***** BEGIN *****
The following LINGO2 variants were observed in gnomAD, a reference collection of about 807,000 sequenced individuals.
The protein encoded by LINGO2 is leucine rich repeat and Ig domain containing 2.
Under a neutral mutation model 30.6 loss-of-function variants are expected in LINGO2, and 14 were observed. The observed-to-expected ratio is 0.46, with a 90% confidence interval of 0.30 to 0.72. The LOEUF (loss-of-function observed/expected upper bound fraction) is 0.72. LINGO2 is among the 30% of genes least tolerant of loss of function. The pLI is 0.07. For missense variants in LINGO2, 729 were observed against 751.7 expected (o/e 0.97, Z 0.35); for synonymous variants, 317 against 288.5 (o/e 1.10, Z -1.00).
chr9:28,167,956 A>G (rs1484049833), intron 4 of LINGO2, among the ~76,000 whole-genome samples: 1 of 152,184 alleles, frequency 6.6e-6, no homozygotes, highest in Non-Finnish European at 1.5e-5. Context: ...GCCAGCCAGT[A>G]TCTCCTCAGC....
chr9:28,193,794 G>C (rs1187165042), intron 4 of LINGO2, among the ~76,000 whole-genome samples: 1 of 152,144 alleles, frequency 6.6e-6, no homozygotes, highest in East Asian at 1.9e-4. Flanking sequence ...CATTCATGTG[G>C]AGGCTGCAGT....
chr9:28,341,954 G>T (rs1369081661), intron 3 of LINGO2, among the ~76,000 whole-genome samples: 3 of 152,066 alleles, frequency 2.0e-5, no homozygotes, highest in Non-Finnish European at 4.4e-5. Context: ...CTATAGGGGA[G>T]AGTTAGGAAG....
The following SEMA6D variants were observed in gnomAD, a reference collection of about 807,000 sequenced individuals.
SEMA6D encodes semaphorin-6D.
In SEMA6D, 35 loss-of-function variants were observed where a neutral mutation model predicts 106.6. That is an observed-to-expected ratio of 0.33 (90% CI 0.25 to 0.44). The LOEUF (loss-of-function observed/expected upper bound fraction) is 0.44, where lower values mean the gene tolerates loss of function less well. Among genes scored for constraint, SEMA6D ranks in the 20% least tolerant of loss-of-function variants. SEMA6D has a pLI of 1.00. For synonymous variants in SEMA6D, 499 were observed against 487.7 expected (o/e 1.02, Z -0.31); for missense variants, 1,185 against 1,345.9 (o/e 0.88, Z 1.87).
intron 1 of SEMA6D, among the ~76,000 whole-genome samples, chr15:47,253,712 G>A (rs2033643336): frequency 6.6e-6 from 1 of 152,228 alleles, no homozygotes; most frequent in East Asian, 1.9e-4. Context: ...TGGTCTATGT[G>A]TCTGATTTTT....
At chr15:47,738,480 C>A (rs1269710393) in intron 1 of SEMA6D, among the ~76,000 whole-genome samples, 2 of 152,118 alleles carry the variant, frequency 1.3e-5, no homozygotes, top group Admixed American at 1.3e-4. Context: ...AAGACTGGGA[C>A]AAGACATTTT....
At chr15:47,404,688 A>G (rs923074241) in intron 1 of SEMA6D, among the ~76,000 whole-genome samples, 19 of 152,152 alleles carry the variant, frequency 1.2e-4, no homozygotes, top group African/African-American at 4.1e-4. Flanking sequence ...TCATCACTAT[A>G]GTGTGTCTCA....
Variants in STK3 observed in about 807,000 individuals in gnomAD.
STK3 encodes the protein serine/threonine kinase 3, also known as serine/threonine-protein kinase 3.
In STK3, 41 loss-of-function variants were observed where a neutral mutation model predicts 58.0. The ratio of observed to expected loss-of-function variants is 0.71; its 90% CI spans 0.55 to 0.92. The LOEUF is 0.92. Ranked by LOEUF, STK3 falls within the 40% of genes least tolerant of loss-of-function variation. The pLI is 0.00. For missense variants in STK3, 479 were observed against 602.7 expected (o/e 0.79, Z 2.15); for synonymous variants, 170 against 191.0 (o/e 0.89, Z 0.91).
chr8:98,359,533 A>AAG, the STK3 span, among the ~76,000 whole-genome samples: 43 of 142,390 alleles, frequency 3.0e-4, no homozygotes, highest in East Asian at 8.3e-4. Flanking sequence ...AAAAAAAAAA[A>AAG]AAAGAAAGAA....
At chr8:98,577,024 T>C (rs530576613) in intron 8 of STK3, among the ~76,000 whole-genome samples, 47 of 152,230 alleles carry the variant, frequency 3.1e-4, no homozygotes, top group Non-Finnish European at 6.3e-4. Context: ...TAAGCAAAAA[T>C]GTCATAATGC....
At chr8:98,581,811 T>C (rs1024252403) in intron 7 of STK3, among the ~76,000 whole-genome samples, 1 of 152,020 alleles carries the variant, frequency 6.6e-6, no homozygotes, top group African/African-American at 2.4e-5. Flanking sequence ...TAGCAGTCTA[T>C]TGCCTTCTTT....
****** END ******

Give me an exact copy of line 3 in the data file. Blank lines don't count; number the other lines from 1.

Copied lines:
Under a neutral mutation model 30.6 loss-of-function variants are expected in LINGO2, and 14 were observed. The observed-to-expected ratio is 0.46, with a 90% confidence interval of 0.30 to 0.72. The LOEUF (loss-of-function observed/expected upper bound fraction) is 0.72. LINGO2 is among the 30% of genes least tolerant of loss of function. The pLI is 0.07. For missense variants in LINGO2, 729 were observed against 751.7 expected (o/e 0.97, Z 0.35); for synonymous variants, 317 against 288.5 (o/e 1.10, Z -1.00).